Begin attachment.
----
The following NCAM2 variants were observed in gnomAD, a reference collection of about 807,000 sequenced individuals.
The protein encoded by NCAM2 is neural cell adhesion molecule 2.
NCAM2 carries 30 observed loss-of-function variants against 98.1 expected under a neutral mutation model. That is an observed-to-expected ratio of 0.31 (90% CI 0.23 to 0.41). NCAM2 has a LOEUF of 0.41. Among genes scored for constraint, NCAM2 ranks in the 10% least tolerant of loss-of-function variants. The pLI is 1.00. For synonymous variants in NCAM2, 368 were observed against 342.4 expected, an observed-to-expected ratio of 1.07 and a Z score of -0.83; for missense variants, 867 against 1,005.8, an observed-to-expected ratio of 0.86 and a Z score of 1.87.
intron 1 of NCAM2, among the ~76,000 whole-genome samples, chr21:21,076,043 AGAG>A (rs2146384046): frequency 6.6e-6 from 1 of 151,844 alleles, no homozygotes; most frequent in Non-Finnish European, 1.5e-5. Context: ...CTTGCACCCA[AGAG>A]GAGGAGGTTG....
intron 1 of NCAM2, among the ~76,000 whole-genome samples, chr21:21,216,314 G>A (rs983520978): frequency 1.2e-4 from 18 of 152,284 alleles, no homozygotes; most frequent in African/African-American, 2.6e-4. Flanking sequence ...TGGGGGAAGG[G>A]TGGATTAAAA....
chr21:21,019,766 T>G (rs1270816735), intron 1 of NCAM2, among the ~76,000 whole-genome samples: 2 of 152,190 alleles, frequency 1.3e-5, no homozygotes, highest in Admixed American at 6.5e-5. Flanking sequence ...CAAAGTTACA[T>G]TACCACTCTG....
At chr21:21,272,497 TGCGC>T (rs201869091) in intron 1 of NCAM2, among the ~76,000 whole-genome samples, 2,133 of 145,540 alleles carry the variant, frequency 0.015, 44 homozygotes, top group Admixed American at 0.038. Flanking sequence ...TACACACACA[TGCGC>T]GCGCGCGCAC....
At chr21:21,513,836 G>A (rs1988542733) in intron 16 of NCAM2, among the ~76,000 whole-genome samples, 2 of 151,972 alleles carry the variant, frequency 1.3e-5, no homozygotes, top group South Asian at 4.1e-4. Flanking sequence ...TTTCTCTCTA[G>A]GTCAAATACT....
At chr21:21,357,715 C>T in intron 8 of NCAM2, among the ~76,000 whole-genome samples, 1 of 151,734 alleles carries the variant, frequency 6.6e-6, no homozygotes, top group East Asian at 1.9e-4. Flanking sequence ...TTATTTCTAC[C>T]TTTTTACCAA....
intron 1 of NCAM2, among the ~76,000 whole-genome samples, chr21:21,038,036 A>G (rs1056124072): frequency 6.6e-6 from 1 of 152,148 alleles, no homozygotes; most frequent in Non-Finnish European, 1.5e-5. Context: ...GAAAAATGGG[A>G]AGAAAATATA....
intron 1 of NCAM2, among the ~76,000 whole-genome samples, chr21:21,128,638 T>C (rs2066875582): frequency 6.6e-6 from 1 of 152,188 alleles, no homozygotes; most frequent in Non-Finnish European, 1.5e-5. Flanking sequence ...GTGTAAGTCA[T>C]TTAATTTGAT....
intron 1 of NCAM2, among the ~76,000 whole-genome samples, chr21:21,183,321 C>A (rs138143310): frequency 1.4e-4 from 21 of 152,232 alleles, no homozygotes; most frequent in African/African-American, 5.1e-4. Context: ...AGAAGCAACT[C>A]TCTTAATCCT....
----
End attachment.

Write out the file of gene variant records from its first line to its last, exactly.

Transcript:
The following NCAM2 variants were observed in gnomAD, a reference collection of about 807,000 sequenced individuals.
The protein encoded by NCAM2 is neural cell adhesion molecule 2.
NCAM2 carries 30 observed loss-of-function variants against 98.1 expected under a neutral mutation model. That is an observed-to-expected ratio of 0.31 (90% CI 0.23 to 0.41). NCAM2 has a LOEUF of 0.41. Among genes scored for constraint, NCAM2 ranks in the 10% least tolerant of loss-of-function variants. The pLI is 1.00. For synonymous variants in NCAM2, 368 were observed against 342.4 expected, an observed-to-expected ratio of 1.07 and a Z score of -0.83; for missense variants, 867 against 1,005.8, an observed-to-expected ratio of 0.86 and a Z score of 1.87.
intron 1 of NCAM2, among the ~76,000 whole-genome samples, chr21:21,076,043 AGAG>A (rs2146384046): frequency 6.6e-6 from 1 of 151,844 alleles, no homozygotes; most frequent in Non-Finnish European, 1.5e-5. Context: ...CTTGCACCCA[AGAG>A]GAGGAGGTTG....
intron 1 of NCAM2, among the ~76,000 whole-genome samples, chr21:21,216,314 G>A (rs983520978): frequency 1.2e-4 from 18 of 152,284 alleles, no homozygotes; most frequent in African/African-American, 2.6e-4. Flanking sequence ...TGGGGGAAGG[G>A]TGGATTAAAA....
chr21:21,019,766 T>G (rs1270816735), intron 1 of NCAM2, among the ~76,000 whole-genome samples: 2 of 152,190 alleles, frequency 1.3e-5, no homozygotes, highest in Admixed American at 6.5e-5. Flanking sequence ...CAAAGTTACA[T>G]TACCACTCTG....
At chr21:21,272,497 TGCGC>T (rs201869091) in intron 1 of NCAM2, among the ~76,000 whole-genome samples, 2,133 of 145,540 alleles carry the variant, frequency 0.015, 44 homozygotes, top group Admixed American at 0.038. Flanking sequence ...TACACACACA[TGCGC>T]GCGCGCGCAC....
At chr21:21,513,836 G>A (rs1988542733) in intron 16 of NCAM2, among the ~76,000 whole-genome samples, 2 of 151,972 alleles carry the variant, frequency 1.3e-5, no homozygotes, top group South Asian at 4.1e-4. Flanking sequence ...TTTCTCTCTA[G>A]GTCAAATACT....
At chr21:21,357,715 C>T in intron 8 of NCAM2, among the ~76,000 whole-genome samples, 1 of 151,734 alleles carries the variant, frequency 6.6e-6, no homozygotes, top group East Asian at 1.9e-4. Flanking sequence ...TTATTTCTAC[C>T]TTTTTACCAA....
intron 1 of NCAM2, among the ~76,000 whole-genome samples, chr21:21,038,036 A>G (rs1056124072): frequency 6.6e-6 from 1 of 152,148 alleles, no homozygotes; most frequent in Non-Finnish European, 1.5e-5. Context: ...GAAAAATGGG[A>G]AGAAAATATA....
intron 1 of NCAM2, among the ~76,000 whole-genome samples, chr21:21,128,638 T>C (rs2066875582): frequency 6.6e-6 from 1 of 152,188 alleles, no homozygotes; most frequent in Non-Finnish European, 1.5e-5. Flanking sequence ...GTGTAAGTCA[T>C]TTAATTTGAT....
intron 1 of NCAM2, among the ~76,000 whole-genome samples, chr21:21,183,321 C>A (rs138143310): frequency 1.4e-4 from 21 of 152,232 alleles, no homozygotes; most frequent in African/African-American, 5.1e-4. Context: ...AGAAGCAACT[C>A]TCTTAATCCT....